Before 2006 George Mason had never won a game in the NCAA tournament. However, in 2006 the Patriots defeated three of basketballs most storied programs (Michigan State, North Carolina and Connecticut) along with Wichita State to advance to the final four, becoming one of the only double digit seeds to ever advance in the tournament.

2011 VCU Rams

VCU was one of the final teams to earn an at-large bid in the 2011 NCAA tournament, relegated to the opening round "play-in" game. They defeated USC in the opening round and then went on to defeat 6 seed Georgetown and 3 seed Purdue by 18 points a piece. They were challenged by fellow underdog 10 seed Florida State in the Sweet 16, but won 72-71 to advance to the Elite Eight, where the defeated top seeded Kansas 71-61, advancing to the Final Four.

1986 LSU Tigers

Before George Mason and VCU, there was LSU, an 11 seed in 1986, LSU became the first double digit seed to advance to the final four and the only one to do it by defeating a 1 seed, a 2 seed and a 3 seed. After beating Purdue in the opening round in double overtime, the Tigers earned victories over 3 seed Memphis State, 2 seed Georgia Tech and top seeded Kentucky in close games to advance to the final four, where they lost to eventual champions Louisville.

1990 Loyola Marymount Lions

The 1990 Loyola Marymount team remains today as the highest scoring team in NCAA history, averaging 122 points per game. But that's not what makes the Lions incredible tournament run in 1990 special. In the West Coast Conference semi-finals Lions player Hank Gathers collapsed on the court and was later pronounced dead. Gathers was a second team All-American and a candidate for WCC player of the year. The Lions rallied after being awarded the WCC's automatic bid (the conference tournament was cancelled), led by teammate and friend Bo Kimble, to defeat New Mexico State, defending champions Michigan and Alabama before falling to eventual champion UNLV in the Elite Eight matchup.

10. 2008 Davidson Wildcats

On the back of Stephen Curry, Davidson defeated Gonzaga in the opening round of the 2008 games before upsetting Georgetown in the second round and dominating Wisconsin in the third round. The Wildcats would eventually fall to Kansas in the closing seconds of their Elite Eight matchup. Kansas would go on to win the title, and Curry would declare for the NBA Draft.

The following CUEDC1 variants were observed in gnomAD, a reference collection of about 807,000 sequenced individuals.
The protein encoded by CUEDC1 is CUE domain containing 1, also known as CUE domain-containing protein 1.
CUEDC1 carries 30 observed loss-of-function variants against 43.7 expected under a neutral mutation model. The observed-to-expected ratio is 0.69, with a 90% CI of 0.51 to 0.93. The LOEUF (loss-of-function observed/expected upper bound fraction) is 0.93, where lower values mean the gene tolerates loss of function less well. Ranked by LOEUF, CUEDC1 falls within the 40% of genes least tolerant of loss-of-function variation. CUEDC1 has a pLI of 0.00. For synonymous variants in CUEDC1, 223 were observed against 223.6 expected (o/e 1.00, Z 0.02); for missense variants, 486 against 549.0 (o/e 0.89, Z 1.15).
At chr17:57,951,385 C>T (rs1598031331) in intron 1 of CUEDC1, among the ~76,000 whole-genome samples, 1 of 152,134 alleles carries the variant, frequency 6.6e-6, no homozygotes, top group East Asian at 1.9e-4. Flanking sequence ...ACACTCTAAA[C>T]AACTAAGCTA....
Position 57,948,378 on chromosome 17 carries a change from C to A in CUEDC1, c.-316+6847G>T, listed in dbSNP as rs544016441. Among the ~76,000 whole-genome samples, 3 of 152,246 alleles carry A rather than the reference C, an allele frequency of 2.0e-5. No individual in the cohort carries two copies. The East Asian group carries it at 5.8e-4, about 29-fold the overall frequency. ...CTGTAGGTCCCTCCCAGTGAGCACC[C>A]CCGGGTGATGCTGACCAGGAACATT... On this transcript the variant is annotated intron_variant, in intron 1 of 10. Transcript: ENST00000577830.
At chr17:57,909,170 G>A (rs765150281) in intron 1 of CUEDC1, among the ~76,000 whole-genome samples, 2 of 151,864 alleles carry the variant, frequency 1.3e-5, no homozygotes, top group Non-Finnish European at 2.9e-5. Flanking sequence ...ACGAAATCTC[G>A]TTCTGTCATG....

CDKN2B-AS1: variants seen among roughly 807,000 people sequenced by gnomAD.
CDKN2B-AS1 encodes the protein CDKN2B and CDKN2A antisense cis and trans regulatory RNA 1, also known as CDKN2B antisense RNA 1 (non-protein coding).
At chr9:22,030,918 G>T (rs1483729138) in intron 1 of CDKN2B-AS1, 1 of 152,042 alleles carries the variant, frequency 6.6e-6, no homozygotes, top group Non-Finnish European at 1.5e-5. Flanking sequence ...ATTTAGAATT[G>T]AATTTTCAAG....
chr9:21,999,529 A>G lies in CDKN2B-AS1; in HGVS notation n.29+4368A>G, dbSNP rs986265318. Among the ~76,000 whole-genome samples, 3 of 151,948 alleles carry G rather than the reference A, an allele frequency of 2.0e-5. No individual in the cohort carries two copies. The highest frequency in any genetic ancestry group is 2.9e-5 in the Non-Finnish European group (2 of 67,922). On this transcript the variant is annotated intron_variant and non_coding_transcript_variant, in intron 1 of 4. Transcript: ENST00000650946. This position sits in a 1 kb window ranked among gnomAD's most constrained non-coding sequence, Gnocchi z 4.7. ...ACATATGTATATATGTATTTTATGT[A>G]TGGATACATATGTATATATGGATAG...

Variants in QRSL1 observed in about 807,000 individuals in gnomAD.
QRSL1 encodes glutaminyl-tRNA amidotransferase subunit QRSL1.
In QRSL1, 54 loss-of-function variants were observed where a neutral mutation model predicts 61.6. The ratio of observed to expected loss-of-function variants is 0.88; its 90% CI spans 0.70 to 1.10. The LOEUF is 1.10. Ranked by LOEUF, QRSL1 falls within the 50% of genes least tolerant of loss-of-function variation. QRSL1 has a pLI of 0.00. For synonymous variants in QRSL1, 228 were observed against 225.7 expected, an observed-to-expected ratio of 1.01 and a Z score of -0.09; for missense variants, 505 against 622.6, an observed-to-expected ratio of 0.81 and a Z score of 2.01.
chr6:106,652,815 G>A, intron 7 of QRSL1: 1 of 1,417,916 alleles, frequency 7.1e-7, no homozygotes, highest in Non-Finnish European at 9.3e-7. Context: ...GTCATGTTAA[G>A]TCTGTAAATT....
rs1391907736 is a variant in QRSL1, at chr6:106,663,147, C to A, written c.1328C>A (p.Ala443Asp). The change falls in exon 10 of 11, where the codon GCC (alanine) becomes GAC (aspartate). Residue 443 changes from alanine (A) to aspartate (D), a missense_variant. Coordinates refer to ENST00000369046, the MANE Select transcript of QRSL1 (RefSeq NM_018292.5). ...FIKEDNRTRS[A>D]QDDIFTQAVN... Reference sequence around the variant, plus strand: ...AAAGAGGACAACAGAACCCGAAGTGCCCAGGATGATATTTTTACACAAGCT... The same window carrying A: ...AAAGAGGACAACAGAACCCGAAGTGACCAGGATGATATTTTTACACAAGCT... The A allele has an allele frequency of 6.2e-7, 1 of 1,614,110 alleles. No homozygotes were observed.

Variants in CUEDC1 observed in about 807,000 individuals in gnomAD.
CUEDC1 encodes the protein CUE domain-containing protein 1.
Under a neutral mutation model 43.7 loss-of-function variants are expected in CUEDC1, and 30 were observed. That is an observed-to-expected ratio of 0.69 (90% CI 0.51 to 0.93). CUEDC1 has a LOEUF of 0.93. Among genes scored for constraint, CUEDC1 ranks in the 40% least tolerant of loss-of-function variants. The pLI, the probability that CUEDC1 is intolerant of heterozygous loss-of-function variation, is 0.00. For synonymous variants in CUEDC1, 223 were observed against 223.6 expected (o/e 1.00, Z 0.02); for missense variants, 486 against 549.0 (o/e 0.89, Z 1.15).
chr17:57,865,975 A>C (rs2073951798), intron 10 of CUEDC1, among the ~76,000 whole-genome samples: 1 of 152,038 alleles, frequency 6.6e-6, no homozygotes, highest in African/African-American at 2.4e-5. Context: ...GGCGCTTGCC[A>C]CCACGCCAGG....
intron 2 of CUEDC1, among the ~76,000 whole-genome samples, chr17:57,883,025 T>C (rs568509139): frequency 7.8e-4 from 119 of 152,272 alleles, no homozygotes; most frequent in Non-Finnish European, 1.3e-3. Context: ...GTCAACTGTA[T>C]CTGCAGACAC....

1999 Gonzaga Bulldogs

In an Elite Eight run that would build a dynasty for Gonzaga. In a year full off upsets, the Bulldogs managed to capture America's attention by winning in dramatic fashion in the Sweet 16 over Florida before falling to eventual champion Connecticut in the final minute. While 1999 was only Gonzaga's second NCAA tournament, they would earn births for every tournament since, with the fourth longest active streak in the NCAA.

2002 Kent State Golden Flashes

Kent State had already made some noise in 2001, upsetting Indiana as a 13 seed in the opening round. In 2002 the Flashes made a lot of noise, scoring wins over Oklahoma State and Alabama in the opening rounds before scoring an overtime victory over Pittsburgh to advance to the Elite Eight. It would be the Hoosiers of Indiana who would get vengeance for their upset the previous year, ending the Flashes Cinderella run 81-69.

1997 Providence Friars

The team that ended Chattanooga's run was on a run of their own, defeating Marquette and Duke before facing the upstart Mocs. While the Friars got past the Mocs, they would then face eventual champion Arizona in the Elite Eight. They took the Wildcats to overtime, but fell 96-92.

9. 2010 Northern Iowa Panthers

Beyond the first round, where the 9 seeds actually hold an advantage over the 8 seeds, the tournament is a struggle for the 9 seeds, holding only four Sweet 16 appearances, fewer than even the 13 seeds hold. That didn't stop Northern Iowa from upsetting a Kansas team that had only lost two games and was the top overall seed in the tournament. Ali Farokhmanesh became an overnight sensation after hitting two clutch 3-pointers and the Panthers became only the fourth five seed to advance to the Sweet 16.

1994 Boston College Eagles

In 1994, Jim O'Brien's Boston College squad became the first and so-far only nine seed to advance to the Elite Eight. After defeating Kelvin Sampson's Washington State team in the opening round, they upset Dean Smith's top seeded UNC squad to advance to the Sweet 16. There they upset Bob Knight's Hoosiers to advance to the Elite Eight where the fell to Florida 74-66.

2004 UAB Blazers